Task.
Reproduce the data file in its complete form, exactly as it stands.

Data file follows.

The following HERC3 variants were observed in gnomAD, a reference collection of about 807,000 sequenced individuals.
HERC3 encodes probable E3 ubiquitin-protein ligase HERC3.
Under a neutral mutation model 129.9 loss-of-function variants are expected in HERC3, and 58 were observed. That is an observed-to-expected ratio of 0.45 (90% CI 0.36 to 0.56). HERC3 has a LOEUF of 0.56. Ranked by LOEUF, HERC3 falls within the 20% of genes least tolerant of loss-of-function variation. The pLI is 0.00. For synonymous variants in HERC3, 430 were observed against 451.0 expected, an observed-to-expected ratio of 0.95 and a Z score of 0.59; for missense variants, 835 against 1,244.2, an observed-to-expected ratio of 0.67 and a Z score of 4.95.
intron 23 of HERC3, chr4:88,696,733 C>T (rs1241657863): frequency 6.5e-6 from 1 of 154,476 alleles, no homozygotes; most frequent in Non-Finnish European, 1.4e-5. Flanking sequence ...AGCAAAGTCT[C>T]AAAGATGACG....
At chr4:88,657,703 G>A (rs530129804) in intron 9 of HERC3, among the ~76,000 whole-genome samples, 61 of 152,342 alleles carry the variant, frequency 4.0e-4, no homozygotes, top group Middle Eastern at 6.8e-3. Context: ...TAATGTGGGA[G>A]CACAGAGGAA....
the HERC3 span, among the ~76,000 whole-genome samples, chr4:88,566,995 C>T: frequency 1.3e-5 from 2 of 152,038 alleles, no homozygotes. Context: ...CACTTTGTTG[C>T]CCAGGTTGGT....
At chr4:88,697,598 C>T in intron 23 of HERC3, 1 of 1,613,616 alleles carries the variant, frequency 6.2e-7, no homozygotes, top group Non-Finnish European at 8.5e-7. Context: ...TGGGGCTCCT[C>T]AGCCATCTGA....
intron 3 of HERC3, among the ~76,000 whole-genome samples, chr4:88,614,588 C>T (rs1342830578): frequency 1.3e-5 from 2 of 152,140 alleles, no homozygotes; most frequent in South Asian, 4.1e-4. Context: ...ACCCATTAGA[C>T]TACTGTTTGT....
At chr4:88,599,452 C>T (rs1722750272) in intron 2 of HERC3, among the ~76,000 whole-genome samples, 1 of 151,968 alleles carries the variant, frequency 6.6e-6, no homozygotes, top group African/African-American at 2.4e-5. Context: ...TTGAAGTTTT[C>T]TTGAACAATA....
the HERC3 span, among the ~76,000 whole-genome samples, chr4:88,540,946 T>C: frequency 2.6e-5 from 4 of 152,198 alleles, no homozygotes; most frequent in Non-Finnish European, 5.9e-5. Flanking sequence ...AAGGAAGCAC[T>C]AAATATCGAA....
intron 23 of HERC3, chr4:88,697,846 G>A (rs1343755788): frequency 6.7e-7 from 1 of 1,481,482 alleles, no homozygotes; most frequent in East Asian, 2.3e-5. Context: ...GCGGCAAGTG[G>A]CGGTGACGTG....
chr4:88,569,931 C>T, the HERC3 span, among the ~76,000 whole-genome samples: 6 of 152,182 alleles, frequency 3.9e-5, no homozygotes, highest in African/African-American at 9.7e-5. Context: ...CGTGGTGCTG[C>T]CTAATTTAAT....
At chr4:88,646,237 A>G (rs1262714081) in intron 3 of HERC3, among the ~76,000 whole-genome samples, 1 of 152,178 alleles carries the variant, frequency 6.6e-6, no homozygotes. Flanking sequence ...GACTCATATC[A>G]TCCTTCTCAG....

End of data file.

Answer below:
The following HERC3 variants were observed in gnomAD, a reference collection of about 807,000 sequenced individuals.
HERC3 encodes probable E3 ubiquitin-protein ligase HERC3.
Under a neutral mutation model 129.9 loss-of-function variants are expected in HERC3, and 58 were observed. That is an observed-to-expected ratio of 0.45 (90% CI 0.36 to 0.56). HERC3 has a LOEUF of 0.56. Ranked by LOEUF, HERC3 falls within the 20% of genes least tolerant of loss-of-function variation. The pLI is 0.00. For synonymous variants in HERC3, 430 were observed against 451.0 expected, an observed-to-expected ratio of 0.95 and a Z score of 0.59; for missense variants, 835 against 1,244.2, an observed-to-expected ratio of 0.67 and a Z score of 4.95.
intron 23 of HERC3, chr4:88,696,733 C>T (rs1241657863): frequency 6.5e-6 from 1 of 154,476 alleles, no homozygotes; most frequent in Non-Finnish European, 1.4e-5. Flanking sequence ...AGCAAAGTCT[C>T]AAAGATGACG....
At chr4:88,657,703 G>A (rs530129804) in intron 9 of HERC3, among the ~76,000 whole-genome samples, 61 of 152,342 alleles carry the variant, frequency 4.0e-4, no homozygotes, top group Middle Eastern at 6.8e-3. Context: ...TAATGTGGGA[G>A]CACAGAGGAA....
the HERC3 span, among the ~76,000 whole-genome samples, chr4:88,566,995 C>T: frequency 1.3e-5 from 2 of 152,038 alleles, no homozygotes. Context: ...CACTTTGTTG[C>T]CCAGGTTGGT....
At chr4:88,697,598 C>T in intron 23 of HERC3, 1 of 1,613,616 alleles carries the variant, frequency 6.2e-7, no homozygotes, top group Non-Finnish European at 8.5e-7. Context: ...TGGGGCTCCT[C>T]AGCCATCTGA....
intron 3 of HERC3, among the ~76,000 whole-genome samples, chr4:88,614,588 C>T (rs1342830578): frequency 1.3e-5 from 2 of 152,140 alleles, no homozygotes; most frequent in South Asian, 4.1e-4. Context: ...ACCCATTAGA[C>T]TACTGTTTGT....
At chr4:88,599,452 C>T (rs1722750272) in intron 2 of HERC3, among the ~76,000 whole-genome samples, 1 of 151,968 alleles carries the variant, frequency 6.6e-6, no homozygotes, top group African/African-American at 2.4e-5. Context: ...TTGAAGTTTT[C>T]TTGAACAATA....
the HERC3 span, among the ~76,000 whole-genome samples, chr4:88,540,946 T>C: frequency 2.6e-5 from 4 of 152,198 alleles, no homozygotes; most frequent in Non-Finnish European, 5.9e-5. Flanking sequence ...AAGGAAGCAC[T>C]AAATATCGAA....
intron 23 of HERC3, chr4:88,697,846 G>A (rs1343755788): frequency 6.7e-7 from 1 of 1,481,482 alleles, no homozygotes; most frequent in East Asian, 2.3e-5. Context: ...GCGGCAAGTG[G>A]CGGTGACGTG....
chr4:88,569,931 C>T, the HERC3 span, among the ~76,000 whole-genome samples: 6 of 152,182 alleles, frequency 3.9e-5, no homozygotes, highest in African/African-American at 9.7e-5. Context: ...CGTGGTGCTG[C>T]CTAATTTAAT....
At chr4:88,646,237 A>G (rs1262714081) in intron 3 of HERC3, among the ~76,000 whole-genome samples, 1 of 152,178 alleles carries the variant, frequency 6.6e-6, no homozygotes. Flanking sequence ...GACTCATATC[A>G]TCCTTCTCAG....